- The contract between the Requestor and Consultant was disclosed to the Ministry of Finance of the foreign government;
- Preapproval by the Requestor would be required before the Consultant would engage in action(s) with respect to the foreign government’s officials;
- The Consultant committed that he will not represent nor have additional business relationship with the foreign government in connection with the project; and, finally,
- The Consultant would not communicate with the foreign government in any respect outside the scope of the services they were providing to the Requestor, with the exception of those communications related to the ongoing representation of the foreign government which have been previously disclosed.
The Department of Justice (DOJ) began its analysis by noting, it “has in the past considered proposed business arrangements with individuals who act on behalf of foreign governments under the Opinion Procedure. Notably, the FCPA does not per se prohibit business relationships with, or payments to, foreign officials. In such cases, the Department typically looks to determine whether there are any indicia of corrupt intent, whether the arrangement is transparent to the foreign government and the general public, whether the arrangement is in conformity with local law, and whether there are safeguards to prevent the foreign official from improperly using his or her position to steer business to or otherwise assist the company, for example through a policy of recusal.”
The DOJ then pointed to four previous Opinion Releases where it had passed favorably on US companies. In Opinion Release 80-02, an employee of a foreign subsidiary of a US corporation ran for political office but this did not run afoul of the FCPA because the employee disclosed his continuing relationship with the corporation to his political party, the nation’s electorate, and the government. In Opinion Release 82-02, a US firm proposed paying a “finder’s fee” to a Nigerian citizen who was employed in Nigeria’s foreign consulate, this did not run afoul of the FCPA because the work to be performed for the firm was in no way related to the Nigerian citizen’s governmental duties. In Opinion Release 86-01, the DOJ allowed a US corporation to employ Members of Parliament (MP) of a foreign company because the MPs agreed to fully disclose their representation relationships, not to vote or conduct any other legislative activity for the benefit of the corporations, and not to use their influence as MPs to benefit the corporations. Finally, in Opinion Release 94-01, the a Requestor’s proposal to hire a foreign official to provide consulting assistance, was approved because the foreign official in question disclosed the proposed consulting activities to his state employer and agreed to abide by all applicable disclosure laws and regulations.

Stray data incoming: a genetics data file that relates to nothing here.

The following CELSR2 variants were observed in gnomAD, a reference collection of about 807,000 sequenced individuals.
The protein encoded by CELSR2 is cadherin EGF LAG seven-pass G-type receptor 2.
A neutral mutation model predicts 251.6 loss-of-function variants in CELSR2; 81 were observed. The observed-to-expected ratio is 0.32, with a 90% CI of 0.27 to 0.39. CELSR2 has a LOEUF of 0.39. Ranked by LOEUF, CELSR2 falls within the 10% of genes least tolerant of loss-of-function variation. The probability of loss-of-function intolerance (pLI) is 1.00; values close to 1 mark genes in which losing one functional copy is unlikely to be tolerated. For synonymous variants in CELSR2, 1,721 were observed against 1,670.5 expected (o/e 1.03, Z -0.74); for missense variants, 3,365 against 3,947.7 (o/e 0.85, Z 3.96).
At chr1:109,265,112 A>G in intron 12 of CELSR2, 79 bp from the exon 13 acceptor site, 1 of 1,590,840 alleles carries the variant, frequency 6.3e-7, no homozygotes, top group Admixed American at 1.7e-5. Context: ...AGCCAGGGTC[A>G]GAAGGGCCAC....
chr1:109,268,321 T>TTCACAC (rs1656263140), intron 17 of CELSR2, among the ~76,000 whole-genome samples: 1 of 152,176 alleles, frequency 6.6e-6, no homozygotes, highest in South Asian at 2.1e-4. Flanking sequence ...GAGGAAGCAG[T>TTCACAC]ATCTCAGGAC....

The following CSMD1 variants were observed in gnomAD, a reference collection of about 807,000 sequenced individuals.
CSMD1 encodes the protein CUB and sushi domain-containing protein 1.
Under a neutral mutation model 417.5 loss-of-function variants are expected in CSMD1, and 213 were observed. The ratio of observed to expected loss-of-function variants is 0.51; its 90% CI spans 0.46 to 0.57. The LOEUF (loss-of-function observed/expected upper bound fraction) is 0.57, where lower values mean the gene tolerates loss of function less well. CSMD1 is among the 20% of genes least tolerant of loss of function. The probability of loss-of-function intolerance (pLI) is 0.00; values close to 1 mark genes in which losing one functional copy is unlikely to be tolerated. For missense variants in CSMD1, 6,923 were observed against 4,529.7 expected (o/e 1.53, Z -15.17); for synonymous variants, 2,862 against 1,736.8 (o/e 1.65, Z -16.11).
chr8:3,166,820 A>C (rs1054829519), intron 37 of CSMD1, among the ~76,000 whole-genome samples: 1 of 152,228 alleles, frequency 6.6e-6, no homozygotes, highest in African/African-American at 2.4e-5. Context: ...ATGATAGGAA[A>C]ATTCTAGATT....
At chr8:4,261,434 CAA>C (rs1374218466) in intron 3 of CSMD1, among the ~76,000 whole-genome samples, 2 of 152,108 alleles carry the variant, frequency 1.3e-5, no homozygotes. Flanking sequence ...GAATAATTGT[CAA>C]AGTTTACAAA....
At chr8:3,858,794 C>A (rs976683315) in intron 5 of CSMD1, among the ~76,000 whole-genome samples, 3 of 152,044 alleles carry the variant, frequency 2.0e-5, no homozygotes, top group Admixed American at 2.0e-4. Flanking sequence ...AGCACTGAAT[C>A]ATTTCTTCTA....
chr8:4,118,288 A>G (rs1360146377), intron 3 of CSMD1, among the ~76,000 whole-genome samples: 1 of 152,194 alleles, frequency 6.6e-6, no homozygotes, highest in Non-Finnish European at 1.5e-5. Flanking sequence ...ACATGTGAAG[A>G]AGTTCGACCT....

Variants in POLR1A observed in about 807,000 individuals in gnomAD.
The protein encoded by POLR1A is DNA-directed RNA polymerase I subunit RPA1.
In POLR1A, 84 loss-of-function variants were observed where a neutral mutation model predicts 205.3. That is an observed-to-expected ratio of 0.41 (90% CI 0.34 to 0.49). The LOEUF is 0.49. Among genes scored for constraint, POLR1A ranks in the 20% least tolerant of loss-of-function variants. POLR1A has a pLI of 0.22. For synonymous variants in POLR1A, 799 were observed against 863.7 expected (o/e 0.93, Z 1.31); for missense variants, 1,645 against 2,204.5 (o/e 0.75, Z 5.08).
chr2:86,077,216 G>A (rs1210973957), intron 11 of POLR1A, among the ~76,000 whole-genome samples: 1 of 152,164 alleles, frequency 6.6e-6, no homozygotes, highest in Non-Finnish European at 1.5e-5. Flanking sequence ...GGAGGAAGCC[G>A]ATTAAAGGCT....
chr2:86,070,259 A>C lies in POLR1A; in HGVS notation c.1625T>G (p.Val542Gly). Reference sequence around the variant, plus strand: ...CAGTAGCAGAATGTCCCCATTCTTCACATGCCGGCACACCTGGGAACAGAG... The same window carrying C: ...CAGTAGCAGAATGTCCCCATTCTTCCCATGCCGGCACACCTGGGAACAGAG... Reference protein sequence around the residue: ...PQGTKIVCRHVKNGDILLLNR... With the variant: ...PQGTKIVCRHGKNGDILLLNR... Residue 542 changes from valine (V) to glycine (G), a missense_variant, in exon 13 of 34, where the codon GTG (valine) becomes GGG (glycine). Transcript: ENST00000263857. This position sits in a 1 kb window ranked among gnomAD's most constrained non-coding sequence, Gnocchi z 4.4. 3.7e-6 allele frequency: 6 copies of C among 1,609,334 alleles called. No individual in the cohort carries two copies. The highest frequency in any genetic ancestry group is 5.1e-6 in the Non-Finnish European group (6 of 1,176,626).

Here the Consultant was clearly an agent of a foreign government, as there were situations where he was acting on behalf of the foreign government. However, for purposes of the consulting contract with the Requestor, the Consultant was not acting on behalf of the foreign government and therefore is not a foreign official under the definition of the FCPA. Yet there were other protections which were critical to the DOJ coming to this conclusion.
- The Consultant was walled off from work his company did on behalf of the foreign government.
- There was full disclosure of the relationships to the relevant governmental agencies.
- The arrangement was permissible under local law and there was a local law firm opinion to back up this assertion.
- The consulting contract had contractual protection in place to limit further representation of the foreign government by the Consultant.
Because the Opinion Release turned on the issue of the Consultant’s status as a foreign official, the DOJ did not offer an opinion on the payment arrangements.
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© Thomas R. Fox, 2019